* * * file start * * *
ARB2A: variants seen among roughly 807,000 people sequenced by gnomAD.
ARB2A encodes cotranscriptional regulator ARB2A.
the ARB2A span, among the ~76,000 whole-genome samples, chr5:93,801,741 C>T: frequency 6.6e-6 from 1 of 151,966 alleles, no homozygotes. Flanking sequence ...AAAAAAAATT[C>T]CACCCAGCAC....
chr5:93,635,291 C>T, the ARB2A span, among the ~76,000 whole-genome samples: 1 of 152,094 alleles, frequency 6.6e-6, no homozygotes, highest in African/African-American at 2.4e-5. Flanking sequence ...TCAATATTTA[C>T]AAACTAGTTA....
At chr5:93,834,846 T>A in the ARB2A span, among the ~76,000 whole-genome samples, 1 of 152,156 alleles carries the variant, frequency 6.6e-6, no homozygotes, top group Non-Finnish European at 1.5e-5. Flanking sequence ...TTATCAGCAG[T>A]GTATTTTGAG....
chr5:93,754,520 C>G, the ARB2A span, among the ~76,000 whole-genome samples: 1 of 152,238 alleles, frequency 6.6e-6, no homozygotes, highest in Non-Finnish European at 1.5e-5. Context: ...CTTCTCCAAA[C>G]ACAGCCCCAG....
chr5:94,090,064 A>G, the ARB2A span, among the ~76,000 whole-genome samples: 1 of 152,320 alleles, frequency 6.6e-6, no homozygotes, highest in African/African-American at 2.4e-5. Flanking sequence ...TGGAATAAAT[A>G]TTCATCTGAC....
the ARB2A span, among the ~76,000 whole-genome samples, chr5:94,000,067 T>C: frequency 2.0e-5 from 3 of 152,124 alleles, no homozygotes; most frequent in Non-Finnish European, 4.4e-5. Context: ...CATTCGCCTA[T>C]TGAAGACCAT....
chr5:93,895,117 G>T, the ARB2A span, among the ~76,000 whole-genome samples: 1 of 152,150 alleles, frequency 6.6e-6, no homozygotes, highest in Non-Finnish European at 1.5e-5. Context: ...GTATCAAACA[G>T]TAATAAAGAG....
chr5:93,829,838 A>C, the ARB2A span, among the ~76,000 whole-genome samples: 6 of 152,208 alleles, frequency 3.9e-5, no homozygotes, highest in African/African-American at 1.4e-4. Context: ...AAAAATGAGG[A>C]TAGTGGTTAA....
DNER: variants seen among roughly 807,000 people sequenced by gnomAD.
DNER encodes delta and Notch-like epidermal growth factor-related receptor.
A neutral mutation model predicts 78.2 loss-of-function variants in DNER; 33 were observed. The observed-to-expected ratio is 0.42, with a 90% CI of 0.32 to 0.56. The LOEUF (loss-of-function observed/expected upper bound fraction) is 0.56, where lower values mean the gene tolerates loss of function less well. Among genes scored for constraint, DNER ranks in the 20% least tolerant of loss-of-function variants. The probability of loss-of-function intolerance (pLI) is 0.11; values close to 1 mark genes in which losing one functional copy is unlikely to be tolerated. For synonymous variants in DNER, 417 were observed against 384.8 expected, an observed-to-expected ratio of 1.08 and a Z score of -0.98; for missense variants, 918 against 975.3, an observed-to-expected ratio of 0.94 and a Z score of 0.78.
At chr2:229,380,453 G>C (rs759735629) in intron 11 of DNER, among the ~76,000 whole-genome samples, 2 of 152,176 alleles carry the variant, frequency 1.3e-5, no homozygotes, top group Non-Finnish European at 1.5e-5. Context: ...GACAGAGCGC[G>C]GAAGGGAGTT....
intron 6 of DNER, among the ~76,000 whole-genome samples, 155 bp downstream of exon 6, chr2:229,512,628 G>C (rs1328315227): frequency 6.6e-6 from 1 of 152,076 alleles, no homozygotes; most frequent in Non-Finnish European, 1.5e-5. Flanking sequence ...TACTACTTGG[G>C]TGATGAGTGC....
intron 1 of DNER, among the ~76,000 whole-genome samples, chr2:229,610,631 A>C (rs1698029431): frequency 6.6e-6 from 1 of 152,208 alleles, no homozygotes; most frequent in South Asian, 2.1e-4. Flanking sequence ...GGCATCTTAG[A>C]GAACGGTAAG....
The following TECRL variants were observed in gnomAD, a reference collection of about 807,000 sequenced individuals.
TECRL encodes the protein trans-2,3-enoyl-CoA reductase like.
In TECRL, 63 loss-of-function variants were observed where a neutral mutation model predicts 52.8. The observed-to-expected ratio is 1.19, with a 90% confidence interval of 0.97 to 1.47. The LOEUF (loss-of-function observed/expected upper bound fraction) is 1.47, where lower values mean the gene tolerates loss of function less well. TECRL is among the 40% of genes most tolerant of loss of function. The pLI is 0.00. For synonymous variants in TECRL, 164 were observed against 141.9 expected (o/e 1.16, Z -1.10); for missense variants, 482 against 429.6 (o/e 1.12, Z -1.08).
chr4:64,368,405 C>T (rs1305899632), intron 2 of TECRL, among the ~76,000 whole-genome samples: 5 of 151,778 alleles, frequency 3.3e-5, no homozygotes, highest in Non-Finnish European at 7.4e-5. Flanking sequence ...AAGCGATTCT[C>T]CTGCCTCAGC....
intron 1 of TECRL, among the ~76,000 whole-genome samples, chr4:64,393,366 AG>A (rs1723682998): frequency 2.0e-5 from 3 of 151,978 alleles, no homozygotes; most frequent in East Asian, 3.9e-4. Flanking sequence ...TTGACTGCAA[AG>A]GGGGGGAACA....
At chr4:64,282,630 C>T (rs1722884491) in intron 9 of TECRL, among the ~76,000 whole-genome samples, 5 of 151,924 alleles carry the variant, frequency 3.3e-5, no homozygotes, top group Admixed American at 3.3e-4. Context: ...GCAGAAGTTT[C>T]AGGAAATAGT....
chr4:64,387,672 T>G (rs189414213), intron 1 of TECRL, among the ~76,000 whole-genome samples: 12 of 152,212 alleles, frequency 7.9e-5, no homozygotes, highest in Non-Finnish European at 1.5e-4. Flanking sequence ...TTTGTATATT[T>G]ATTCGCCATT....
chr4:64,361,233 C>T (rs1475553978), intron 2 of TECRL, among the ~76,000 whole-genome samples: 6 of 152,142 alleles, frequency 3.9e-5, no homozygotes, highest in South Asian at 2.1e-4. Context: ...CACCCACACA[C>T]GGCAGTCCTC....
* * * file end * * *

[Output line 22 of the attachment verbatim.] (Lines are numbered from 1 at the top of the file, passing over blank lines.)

At chr4:64,282,630 C>T (rs1722884491) in intron 9 of TECRL, among the ~76,000 whole-genome samples, 5 of 151,924 alleles carry the variant, frequency 3.3e-5, no homozygotes, top group Admixed American at 3.3e-4. Context: ...GCAGAAGTTT[C>T]AGGAAATAGT....